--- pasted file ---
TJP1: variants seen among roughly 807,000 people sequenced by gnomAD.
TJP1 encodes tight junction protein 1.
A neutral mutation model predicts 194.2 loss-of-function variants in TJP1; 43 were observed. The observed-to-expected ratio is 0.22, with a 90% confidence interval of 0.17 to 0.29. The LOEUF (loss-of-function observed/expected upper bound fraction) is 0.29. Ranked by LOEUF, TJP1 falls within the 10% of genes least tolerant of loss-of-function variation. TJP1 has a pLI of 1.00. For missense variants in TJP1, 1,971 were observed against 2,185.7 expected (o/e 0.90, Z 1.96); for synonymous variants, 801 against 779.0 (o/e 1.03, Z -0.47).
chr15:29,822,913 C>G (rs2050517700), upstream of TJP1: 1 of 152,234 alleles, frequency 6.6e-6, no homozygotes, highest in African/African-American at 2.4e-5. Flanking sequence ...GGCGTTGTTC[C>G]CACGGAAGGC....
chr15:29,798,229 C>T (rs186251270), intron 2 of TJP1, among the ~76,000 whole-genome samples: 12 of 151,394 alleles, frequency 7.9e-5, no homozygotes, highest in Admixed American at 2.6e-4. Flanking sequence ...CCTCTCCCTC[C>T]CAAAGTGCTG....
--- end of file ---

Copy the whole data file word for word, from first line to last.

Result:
TJP1: variants seen among roughly 807,000 people sequenced by gnomAD.
TJP1 encodes tight junction protein 1.
A neutral mutation model predicts 194.2 loss-of-function variants in TJP1; 43 were observed. The observed-to-expected ratio is 0.22, with a 90% confidence interval of 0.17 to 0.29. The LOEUF (loss-of-function observed/expected upper bound fraction) is 0.29. Ranked by LOEUF, TJP1 falls within the 10% of genes least tolerant of loss-of-function variation. TJP1 has a pLI of 1.00. For missense variants in TJP1, 1,971 were observed against 2,185.7 expected (o/e 0.90, Z 1.96); for synonymous variants, 801 against 779.0 (o/e 1.03, Z -0.47).
chr15:29,822,913 C>G (rs2050517700), upstream of TJP1: 1 of 152,234 alleles, frequency 6.6e-6, no homozygotes, highest in African/African-American at 2.4e-5. Flanking sequence ...GGCGTTGTTC[C>G]CACGGAAGGC....
chr15:29,798,229 C>T (rs186251270), intron 2 of TJP1, among the ~76,000 whole-genome samples: 12 of 151,394 alleles, frequency 7.9e-5, no homozygotes, highest in Admixed American at 2.6e-4. Flanking sequence ...CCTCTCCCTC[C>T]CAAAGTGCTG....